Dogs whose tails are held up similar to a flag are feeling poised, possibly even aggressive. Dogs that are relaxed hold their tails in a nonaligned stance, but it depends on the dog’s breed.
A variety of dog breeds, similar to Chow Chows, have tails that curl over naturally on their backs, while dog breeds such as the Italian Greyhound have an extremely low neutral tail stance.
For dog owners who understand their pets’ tail position, they will quickly know the dog’s emotional shifts.
3. Raised Hackles
Once the dog’s hackles are raised, it indicates that the hair on their back is arising. Technically known as piloerection, the dog’s fur can fluff up all over the shoulders or to the back and the tail as well.
This is a certain indication that the pet is aroused, but not essentially in a bad way. Besides, the dog is possibly stressed or upset but could be intensely interested or excited about something. This is sometimes an instinctive reaction, such as goosebumps in humans.
The dog’s weight distribution indicates a lot on the intention and mood. Take into consideration a cowering canine that is leaning forward towards the ground.
That is an indication of stress or fear. The canine may be attempting to escape from something or someone, and the stance makes it seem smaller.
Hence, the dog is saying that it means no harm. The posture’s extreme rolls onto their back, showing their belly. This may seem like it wants a belly rub, and it is often for relaxed dogs.
However, this can be an indication of substantial anxiety and stress. It may even urinate a bit in appeasement. The dog’s opposite posture is with its weight forwardly shifted. The dog is attempting to get nearer to something or someone.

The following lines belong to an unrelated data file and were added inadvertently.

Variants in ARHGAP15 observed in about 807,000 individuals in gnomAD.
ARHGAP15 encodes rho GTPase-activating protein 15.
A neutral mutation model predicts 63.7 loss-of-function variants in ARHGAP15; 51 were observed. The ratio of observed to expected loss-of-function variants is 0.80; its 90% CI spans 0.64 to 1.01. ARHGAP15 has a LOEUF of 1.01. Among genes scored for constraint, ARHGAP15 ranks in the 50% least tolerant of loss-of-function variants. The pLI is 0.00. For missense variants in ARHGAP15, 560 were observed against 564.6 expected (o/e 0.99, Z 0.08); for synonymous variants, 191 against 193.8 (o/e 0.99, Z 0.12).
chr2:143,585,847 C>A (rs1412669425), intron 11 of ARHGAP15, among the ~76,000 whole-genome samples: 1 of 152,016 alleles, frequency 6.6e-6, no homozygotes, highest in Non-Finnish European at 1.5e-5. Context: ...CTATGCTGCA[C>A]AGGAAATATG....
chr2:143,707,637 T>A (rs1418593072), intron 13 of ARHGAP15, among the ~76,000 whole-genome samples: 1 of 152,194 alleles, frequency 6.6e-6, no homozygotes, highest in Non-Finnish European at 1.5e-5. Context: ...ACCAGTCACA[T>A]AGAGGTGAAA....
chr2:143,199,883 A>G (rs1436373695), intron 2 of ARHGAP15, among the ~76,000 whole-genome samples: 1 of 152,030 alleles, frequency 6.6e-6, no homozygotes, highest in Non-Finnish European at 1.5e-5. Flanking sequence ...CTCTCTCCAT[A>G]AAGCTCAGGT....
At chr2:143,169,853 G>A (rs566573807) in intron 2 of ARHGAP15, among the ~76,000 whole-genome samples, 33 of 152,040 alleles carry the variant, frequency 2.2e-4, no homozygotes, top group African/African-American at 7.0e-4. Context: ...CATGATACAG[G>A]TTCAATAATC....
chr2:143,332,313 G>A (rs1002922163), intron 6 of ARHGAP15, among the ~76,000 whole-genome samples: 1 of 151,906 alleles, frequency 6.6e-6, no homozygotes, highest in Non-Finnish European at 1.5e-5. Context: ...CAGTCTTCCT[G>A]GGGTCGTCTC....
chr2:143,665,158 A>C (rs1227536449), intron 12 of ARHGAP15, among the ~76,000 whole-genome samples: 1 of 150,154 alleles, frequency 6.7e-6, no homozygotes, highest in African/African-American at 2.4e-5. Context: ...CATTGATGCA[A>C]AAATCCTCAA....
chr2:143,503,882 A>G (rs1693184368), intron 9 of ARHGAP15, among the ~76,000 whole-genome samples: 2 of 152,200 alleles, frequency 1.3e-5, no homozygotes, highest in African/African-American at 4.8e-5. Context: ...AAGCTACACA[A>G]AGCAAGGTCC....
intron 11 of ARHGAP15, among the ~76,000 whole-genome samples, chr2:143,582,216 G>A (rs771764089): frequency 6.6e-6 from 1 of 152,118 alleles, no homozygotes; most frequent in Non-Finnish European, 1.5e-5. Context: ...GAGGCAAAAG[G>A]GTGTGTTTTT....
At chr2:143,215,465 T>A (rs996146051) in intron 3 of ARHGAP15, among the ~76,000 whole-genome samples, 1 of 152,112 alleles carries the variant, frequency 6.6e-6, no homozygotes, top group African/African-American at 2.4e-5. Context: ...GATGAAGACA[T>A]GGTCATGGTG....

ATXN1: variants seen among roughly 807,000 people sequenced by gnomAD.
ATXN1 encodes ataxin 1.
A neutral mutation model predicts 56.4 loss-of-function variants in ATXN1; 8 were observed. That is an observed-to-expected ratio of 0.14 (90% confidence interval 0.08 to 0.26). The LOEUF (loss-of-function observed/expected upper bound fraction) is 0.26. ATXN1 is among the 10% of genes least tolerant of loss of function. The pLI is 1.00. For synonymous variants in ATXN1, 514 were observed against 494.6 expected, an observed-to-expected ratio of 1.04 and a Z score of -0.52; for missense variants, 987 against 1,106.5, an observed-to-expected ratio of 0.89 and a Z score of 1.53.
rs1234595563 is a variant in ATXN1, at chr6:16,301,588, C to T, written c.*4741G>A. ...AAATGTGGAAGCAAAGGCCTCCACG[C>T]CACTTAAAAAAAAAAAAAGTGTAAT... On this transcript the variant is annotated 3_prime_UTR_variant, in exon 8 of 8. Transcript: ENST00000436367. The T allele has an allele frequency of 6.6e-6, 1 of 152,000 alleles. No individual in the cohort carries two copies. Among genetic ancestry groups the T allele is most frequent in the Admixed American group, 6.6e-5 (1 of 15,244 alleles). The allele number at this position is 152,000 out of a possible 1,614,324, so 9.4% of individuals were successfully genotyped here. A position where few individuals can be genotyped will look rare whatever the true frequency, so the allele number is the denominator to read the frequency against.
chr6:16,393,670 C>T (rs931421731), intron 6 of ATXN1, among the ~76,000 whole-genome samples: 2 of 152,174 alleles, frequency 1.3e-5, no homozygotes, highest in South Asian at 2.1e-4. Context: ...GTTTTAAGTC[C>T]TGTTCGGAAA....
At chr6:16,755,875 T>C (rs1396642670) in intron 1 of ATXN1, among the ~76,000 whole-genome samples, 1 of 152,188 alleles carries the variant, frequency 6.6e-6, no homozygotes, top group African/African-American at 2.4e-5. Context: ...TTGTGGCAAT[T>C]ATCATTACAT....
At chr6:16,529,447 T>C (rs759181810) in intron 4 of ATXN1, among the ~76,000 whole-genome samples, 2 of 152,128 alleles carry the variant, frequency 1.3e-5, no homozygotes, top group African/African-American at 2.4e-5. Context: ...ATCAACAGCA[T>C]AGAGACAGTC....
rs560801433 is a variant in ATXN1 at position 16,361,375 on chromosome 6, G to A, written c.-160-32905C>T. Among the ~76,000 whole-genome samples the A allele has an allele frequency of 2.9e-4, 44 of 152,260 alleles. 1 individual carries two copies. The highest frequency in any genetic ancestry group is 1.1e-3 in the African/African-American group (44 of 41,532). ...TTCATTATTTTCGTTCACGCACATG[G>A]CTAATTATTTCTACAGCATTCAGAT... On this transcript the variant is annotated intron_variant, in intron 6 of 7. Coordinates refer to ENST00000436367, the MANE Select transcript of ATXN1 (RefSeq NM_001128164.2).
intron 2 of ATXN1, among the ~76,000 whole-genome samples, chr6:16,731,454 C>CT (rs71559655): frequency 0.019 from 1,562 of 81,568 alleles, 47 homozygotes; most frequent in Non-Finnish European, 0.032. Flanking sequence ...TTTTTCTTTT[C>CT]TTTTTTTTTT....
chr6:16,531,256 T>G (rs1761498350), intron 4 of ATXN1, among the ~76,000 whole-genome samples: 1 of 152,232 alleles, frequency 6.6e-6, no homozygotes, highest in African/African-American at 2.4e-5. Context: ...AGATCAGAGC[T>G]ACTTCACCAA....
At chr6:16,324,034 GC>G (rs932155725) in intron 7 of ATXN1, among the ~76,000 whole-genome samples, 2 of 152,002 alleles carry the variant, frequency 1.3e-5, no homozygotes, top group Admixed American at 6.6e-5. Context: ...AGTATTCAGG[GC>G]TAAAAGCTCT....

This might merely mean the interest of the dog. However, it could specify offensive intentions and specifically matched up with other hostile body language clues such as a higher wagging of the tail.
In this scenario, the dog is attempting to appear larger. A simple-to-read aspect of the dog’s body language is called the playboy.
This is once the dogs put their chests to the ground with the rear held high. As the name suggests, it is utilized to instigate play with the dog owners and other dogs.
A less simply understood sign is the raising of the paws. To some dog breeds such as the English Setter, raising of the paws is part of the pointing actions wherein the canine signals prey close by.
However, outside of the context, paw raising frequently means that the dog is unsure about the situation or maybe feels quite insecure.
5. Facial Appearances
Dogs have the same facial characteristics as human beings, but dogs do not similarly utilize facial expressions. For example, a dog’s yawning. Human beings yawn once they are bored or tired, but dogs do this once stressed.
Based on a book entitled On Talking Terms With Dogs: Calming Signals by Turid Rugaas, dogs yawn to calm themselves up during intense scenarios and calm others, including dog owners.
The book recommends that people yawn at their dogs to provide comfort during stressful situations, such as visiting the vet.
However, dog owners should not be surprised if the dog yawns back. Similar to yawning being contagious to human beings, dogs will yawn too when others yawn.
Lip-licking is another body language of a dog that people misinterpret often. Similar to human beings, dogs will lick the lips after a delicious meal but will lick their lips once they are anxious as well.
Often, flicking of the dog’s tongue happens so fast that it is hard even to notice. The dog is not showing a desire to lick the owner’s face but rather an uneasiness with a particular condition.